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Algorithms Used in Policing Face Policy Review


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Rep. Mark Takano (D., CA) introduced a bill last year that would impose national standards on forensic algorithms.

The U.S. Government Accountability Office is in the midst of a review of privately developed algorithms used in policing, ahead of its issuing policy recommendations for their regulation.

Credit: Amanda Andrade-Rhoades/Bloomberg News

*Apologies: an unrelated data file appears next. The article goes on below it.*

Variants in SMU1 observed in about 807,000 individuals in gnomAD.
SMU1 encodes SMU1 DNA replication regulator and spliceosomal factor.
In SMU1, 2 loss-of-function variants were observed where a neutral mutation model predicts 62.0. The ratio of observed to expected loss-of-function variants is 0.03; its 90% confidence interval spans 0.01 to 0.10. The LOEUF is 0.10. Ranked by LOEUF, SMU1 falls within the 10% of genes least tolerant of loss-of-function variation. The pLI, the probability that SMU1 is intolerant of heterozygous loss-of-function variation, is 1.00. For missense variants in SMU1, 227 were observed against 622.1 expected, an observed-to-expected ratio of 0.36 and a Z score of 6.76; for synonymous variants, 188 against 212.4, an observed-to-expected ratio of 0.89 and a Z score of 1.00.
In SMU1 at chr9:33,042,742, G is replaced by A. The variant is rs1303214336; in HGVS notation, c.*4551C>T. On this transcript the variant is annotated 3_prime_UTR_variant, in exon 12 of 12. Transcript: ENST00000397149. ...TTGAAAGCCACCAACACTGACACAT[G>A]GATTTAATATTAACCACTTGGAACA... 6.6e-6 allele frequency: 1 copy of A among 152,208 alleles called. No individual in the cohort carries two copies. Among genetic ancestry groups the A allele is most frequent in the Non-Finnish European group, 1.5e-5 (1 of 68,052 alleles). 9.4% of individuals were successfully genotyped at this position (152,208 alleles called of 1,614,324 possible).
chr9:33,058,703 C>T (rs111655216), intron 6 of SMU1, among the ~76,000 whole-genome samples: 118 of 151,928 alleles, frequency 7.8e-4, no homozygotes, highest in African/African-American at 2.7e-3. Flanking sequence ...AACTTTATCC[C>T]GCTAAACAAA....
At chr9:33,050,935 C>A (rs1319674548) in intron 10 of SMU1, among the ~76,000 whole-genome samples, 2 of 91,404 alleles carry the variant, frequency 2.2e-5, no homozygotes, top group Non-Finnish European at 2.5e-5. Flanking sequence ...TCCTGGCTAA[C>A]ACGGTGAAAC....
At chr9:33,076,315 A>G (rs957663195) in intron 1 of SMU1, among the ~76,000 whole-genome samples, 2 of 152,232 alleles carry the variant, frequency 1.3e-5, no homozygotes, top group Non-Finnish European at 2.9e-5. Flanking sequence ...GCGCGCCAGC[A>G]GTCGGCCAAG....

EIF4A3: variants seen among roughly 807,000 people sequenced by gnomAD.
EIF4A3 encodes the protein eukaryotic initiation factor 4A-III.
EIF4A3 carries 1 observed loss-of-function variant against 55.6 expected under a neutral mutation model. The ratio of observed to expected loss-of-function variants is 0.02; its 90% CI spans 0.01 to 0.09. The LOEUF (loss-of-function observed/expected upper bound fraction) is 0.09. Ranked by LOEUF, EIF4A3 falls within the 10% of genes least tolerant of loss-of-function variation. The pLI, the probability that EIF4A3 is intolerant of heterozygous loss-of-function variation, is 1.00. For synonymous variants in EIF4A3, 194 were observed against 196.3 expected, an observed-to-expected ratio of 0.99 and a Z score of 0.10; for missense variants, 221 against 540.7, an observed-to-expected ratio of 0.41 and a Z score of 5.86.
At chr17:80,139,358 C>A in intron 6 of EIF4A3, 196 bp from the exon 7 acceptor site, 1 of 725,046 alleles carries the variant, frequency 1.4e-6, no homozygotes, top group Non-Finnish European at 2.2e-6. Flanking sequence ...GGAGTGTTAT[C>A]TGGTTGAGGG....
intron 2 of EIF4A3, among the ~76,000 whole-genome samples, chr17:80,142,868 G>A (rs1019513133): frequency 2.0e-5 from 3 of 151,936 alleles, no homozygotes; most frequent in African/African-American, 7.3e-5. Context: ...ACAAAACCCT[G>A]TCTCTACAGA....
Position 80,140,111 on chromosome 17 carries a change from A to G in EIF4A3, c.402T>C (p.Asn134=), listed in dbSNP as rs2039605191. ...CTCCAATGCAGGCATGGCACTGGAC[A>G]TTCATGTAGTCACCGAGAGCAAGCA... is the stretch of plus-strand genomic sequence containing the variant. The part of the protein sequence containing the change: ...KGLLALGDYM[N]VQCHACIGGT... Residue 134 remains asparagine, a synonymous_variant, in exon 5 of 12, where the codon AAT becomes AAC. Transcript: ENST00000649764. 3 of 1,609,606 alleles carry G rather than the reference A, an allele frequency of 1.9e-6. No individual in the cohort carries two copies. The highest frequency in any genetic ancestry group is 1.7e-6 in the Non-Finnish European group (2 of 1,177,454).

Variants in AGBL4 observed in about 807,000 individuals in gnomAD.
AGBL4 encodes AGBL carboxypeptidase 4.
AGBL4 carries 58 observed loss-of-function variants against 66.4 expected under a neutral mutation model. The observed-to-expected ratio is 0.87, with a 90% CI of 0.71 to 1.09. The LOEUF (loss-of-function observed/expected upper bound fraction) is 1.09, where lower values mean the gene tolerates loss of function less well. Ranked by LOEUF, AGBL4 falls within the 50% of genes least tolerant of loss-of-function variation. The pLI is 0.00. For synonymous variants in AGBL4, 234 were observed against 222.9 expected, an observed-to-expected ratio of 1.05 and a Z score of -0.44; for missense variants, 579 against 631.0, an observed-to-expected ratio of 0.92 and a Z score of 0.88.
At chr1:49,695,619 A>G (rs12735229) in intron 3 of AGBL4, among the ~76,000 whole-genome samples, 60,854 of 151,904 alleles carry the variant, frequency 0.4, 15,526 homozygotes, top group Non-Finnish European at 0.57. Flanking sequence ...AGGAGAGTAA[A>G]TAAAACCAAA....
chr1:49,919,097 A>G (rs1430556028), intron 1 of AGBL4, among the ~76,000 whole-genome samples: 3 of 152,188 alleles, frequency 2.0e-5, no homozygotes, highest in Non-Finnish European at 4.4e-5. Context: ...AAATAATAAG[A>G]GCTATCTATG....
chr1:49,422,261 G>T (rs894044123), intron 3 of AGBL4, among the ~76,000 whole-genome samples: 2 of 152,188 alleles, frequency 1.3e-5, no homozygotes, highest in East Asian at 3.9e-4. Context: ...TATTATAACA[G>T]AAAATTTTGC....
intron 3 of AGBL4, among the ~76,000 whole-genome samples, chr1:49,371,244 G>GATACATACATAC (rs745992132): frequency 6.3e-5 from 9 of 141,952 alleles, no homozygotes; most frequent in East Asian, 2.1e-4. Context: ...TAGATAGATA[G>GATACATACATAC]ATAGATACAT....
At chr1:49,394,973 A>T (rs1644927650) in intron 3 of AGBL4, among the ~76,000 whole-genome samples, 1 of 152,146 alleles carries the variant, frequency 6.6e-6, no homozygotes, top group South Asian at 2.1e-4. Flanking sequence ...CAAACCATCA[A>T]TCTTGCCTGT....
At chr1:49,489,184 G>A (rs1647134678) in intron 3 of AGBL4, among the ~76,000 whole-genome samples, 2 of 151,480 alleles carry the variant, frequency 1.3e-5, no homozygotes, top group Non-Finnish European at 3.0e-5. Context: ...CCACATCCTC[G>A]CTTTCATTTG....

The U.S. Government Accountability Office (GAO) in May published the first half of a review of privately developed algorithms used in policing, ahead of its issuing policy recommendations for their regulation.

The Federal Bureau of Investigation, the Department of Homeland Security, and other U.S. agencies use these algorithms to mine massive databases of evidence, in order to chase leads and support the prosecution of cases.

GAO’s Karen Howard said the algorithms are only as good as the underlying forensic data collected by investigators, and how they work is sometimes unclear.

The second part of the study, which will evaluate the algorithms’ accuracy and offer make policy recommendations about them, is expected later this year.

From The Wall Street Journal
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